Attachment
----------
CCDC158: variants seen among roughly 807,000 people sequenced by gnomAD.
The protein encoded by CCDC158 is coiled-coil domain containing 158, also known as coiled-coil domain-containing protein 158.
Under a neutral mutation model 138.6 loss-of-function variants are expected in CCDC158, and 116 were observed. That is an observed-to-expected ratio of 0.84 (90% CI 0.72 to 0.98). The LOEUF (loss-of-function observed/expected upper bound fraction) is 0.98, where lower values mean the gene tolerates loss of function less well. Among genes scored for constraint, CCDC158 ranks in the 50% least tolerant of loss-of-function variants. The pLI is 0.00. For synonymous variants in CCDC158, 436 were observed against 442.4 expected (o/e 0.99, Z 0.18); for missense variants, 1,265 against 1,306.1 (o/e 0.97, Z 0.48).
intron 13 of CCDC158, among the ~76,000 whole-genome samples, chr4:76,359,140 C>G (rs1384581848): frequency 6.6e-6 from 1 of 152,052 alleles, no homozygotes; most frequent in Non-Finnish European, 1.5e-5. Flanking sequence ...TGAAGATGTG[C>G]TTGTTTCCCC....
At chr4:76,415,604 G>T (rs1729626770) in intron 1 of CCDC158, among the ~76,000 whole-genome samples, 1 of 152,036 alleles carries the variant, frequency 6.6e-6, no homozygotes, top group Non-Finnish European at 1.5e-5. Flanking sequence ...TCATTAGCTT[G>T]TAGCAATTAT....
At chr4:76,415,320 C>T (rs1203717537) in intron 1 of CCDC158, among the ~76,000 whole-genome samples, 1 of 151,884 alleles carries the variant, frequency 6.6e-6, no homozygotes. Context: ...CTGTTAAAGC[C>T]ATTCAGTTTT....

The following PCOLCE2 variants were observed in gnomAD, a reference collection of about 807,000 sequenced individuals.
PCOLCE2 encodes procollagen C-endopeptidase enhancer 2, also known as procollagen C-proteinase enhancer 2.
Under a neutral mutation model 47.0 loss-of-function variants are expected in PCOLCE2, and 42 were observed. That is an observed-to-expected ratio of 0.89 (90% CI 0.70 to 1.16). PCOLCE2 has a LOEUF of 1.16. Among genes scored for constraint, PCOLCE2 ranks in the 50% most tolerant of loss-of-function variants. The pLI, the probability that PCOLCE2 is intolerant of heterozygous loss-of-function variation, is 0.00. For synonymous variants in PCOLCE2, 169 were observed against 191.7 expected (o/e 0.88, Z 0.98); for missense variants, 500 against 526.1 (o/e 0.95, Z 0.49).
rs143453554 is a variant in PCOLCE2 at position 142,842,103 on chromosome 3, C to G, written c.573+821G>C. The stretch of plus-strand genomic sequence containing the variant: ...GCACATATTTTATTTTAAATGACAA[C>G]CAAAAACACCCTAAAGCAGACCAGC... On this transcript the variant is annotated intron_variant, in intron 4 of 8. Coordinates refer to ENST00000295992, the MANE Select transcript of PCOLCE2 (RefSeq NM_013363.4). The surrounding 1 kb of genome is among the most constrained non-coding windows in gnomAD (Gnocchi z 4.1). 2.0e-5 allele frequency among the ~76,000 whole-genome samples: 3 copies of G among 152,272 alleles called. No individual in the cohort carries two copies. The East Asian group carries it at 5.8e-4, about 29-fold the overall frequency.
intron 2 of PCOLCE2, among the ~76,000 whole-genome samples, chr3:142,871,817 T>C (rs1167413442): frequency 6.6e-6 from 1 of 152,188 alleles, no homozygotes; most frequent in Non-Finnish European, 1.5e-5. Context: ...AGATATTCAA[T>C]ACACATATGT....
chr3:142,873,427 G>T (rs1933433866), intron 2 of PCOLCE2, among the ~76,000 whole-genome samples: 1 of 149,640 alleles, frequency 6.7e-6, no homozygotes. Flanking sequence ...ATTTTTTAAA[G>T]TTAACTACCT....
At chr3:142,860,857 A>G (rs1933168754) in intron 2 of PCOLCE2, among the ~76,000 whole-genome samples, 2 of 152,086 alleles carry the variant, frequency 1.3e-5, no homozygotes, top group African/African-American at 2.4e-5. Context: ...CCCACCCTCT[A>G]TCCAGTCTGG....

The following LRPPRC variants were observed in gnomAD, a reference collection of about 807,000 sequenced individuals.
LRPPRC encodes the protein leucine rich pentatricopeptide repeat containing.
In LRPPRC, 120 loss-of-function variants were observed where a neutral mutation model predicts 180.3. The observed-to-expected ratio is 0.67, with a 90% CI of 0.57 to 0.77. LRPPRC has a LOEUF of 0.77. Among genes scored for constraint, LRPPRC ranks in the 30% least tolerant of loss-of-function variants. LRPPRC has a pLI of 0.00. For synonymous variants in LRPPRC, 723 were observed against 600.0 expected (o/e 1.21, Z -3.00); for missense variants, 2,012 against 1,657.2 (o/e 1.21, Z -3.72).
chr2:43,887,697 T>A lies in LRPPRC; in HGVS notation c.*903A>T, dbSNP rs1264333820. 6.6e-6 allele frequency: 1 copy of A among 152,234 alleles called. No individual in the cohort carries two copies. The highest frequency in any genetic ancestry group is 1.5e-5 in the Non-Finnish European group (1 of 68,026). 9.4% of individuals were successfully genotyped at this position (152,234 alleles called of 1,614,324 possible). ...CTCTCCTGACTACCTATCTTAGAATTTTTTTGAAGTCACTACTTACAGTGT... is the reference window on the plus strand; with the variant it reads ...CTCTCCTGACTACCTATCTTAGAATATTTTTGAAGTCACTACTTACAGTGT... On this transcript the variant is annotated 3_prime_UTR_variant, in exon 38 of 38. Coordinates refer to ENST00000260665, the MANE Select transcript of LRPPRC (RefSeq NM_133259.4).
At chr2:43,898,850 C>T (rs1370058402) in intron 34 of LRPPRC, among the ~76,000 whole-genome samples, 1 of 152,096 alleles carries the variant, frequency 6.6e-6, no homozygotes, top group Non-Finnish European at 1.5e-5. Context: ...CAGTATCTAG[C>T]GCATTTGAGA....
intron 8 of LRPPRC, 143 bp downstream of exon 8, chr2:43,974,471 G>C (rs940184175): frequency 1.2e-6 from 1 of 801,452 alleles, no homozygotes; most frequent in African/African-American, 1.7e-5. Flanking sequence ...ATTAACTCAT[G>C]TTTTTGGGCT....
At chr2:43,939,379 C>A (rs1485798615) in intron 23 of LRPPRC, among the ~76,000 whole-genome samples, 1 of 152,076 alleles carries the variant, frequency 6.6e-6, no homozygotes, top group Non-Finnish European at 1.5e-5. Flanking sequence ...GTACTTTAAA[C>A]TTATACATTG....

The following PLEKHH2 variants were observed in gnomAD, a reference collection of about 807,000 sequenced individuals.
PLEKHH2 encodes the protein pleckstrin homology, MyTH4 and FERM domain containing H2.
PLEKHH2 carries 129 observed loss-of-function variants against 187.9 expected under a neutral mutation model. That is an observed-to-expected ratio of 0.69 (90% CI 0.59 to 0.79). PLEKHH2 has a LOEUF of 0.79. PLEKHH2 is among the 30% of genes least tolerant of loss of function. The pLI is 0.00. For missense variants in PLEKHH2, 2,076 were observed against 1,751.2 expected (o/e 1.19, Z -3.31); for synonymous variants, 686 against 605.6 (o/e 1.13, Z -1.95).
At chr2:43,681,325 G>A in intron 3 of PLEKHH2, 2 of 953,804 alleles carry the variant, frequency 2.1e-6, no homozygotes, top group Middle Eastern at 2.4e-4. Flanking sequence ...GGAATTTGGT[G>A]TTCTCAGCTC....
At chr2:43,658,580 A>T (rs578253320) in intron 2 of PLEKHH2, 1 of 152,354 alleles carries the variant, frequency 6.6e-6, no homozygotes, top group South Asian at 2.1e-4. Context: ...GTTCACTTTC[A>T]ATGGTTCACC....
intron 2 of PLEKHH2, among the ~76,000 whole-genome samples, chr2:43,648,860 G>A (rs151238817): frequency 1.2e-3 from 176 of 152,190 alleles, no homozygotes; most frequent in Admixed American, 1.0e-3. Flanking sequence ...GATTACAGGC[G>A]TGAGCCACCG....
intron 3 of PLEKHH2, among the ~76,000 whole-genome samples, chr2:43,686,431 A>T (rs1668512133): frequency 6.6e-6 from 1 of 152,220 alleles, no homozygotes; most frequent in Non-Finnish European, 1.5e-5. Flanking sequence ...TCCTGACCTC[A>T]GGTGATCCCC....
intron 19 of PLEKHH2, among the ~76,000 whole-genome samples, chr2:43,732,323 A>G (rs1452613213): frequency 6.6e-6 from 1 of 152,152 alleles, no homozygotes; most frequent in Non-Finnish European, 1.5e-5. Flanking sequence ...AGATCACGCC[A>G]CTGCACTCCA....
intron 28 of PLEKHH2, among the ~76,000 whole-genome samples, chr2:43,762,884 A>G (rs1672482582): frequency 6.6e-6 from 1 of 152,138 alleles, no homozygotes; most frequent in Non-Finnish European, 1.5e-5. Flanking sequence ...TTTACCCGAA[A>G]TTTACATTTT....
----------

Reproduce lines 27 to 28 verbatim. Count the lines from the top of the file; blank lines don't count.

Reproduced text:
intron 3 of PLEKHH2, among the ~76,000 whole-genome samples, chr2:43,686,431 A>T (rs1668512133): frequency 6.6e-6 from 1 of 152,220 alleles, no homozygotes; most frequent in Non-Finnish European, 1.5e-5. Flanking sequence ...TCCTGACCTC[A>T]GGTGATCCCC....
intron 19 of PLEKHH2, among the ~76,000 whole-genome samples, chr2:43,732,323 A>G (rs1452613213): frequency 6.6e-6 from 1 of 152,152 alleles, no homozygotes; most frequent in Non-Finnish European, 1.5e-5. Flanking sequence ...AGATCACGCC[A>G]CTGCACTCCA....